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The Bank of Israel will continue to intervene in the foreign currency market and buy $100 million each business day, as long as it fears that stopping would trigger a sharp appreciation of the shekel against the dollar.

The central bank has already passed its goal for dollar purchases, economic sources in Jerusalem said yesterday. Its goal was to increase Israel's foreign currency reserves by about $10 billion, to $44 billion. It's done that. Yet the Bank of Israel continues to buy dollars.

The shekel-dollar rate has been around NIS 4.10 to NIS 4.70. The central bank worries that stepping out of the forex market, which has become accustomed to the Bank of Israel's actions, would send the rate tumbling to NIS 3.50 per dollar.

The criterion by which the central bank will gauge its moves is exports. As long as Israel's exports remain 40% or more below the average - which was the case in the first quarter of 2009 and the previous quarter - the central bank will buy. That's because a weak dollar would exacerbate the damage to exporters.

A sharp appreciation of the dollar in world markets could also lead the central bank to cease its purchases, based on the calculation that even a subsequent depreciation would leave the exchange rate at about 4 shekels to the dollar.

Central bank officials are also considering gradually scaling back purchases.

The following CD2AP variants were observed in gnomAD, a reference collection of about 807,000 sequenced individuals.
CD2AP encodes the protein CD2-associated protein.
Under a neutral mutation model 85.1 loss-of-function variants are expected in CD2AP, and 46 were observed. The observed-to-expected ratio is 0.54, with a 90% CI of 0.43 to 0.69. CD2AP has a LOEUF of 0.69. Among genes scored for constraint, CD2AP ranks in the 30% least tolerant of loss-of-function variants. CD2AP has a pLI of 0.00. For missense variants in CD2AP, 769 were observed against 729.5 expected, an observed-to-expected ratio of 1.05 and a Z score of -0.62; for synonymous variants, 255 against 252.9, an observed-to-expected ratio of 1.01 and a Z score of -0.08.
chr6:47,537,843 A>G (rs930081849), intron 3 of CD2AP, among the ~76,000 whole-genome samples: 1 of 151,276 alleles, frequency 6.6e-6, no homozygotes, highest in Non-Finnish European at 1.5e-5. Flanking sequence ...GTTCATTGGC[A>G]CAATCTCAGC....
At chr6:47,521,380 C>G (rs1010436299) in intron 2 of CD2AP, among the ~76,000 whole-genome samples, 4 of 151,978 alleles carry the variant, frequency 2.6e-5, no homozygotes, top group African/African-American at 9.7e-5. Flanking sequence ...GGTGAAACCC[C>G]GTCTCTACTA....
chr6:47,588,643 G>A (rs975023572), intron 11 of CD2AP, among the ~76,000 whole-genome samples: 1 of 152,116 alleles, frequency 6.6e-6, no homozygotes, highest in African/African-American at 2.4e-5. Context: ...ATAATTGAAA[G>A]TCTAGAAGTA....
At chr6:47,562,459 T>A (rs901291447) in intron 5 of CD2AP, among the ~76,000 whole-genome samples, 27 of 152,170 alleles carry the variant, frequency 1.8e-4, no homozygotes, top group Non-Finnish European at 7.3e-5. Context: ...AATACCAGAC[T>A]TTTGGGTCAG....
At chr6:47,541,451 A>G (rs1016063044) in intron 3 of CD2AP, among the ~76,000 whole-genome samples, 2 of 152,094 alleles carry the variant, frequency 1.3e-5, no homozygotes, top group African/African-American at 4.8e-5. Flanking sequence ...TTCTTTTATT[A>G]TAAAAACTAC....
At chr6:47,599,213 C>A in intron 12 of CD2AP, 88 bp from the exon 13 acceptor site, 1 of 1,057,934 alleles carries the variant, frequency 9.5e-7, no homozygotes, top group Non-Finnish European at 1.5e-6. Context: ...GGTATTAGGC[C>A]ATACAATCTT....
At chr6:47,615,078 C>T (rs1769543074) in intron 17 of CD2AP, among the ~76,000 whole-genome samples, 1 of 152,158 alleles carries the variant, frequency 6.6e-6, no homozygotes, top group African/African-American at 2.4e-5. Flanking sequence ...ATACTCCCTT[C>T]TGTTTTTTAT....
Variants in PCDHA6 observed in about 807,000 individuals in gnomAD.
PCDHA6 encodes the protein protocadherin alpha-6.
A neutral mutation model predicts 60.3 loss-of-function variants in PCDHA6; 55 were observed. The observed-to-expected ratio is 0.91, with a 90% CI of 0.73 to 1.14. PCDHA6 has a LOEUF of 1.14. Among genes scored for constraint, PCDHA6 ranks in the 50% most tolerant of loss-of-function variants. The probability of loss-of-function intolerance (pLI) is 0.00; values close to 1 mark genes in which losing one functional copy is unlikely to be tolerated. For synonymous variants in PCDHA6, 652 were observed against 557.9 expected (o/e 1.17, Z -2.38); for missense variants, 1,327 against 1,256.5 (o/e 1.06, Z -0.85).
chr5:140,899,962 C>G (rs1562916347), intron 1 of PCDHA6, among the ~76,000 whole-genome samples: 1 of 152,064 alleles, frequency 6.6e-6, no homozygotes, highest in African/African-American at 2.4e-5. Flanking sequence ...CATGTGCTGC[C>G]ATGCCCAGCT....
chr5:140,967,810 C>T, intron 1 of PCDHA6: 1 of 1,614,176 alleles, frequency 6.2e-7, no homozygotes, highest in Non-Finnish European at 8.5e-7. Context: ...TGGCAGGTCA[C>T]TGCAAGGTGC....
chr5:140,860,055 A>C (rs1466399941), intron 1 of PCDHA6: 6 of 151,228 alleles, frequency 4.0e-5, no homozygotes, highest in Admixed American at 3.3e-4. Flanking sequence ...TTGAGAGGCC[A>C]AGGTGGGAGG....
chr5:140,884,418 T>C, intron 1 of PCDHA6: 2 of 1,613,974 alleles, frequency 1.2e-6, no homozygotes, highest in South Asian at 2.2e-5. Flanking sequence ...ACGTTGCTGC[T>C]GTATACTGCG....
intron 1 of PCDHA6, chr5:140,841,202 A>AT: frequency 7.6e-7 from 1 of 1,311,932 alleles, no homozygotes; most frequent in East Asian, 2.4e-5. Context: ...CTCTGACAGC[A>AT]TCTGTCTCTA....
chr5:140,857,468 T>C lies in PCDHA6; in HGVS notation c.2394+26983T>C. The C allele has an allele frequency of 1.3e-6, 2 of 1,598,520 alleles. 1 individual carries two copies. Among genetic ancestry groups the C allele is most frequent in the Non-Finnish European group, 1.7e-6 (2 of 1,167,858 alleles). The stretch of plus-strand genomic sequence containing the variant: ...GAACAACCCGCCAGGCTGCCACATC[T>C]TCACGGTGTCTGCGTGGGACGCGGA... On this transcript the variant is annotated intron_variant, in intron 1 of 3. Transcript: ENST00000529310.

After a meeting in London with the director of the Bank of Israel's research division, Karnit Flug, Citigroup analysts wrote that the bank's current challenge is to find an exit strategy from its forex purchases.

A Bank of Israel official said the central bank would continue buying until it says otherwise: "We had an exit strategy even before we started buying. Possibly the market misunderstood what Dr. Karnit Flug had to say."

The Bank of Israel instituted its practice of buying dollars in March 2008. Its first move, buying $600 million in two installments, took the market by complete shock after a decade of non-intervention.

Following that, the central bank announced more predictable moves. It started with purchasing $25 million on each business day. In July of that year, the central bank, run by Governor Stanley Fischer, announced that it would begin buying $100 million per day, on average. And it has been doing so ever since.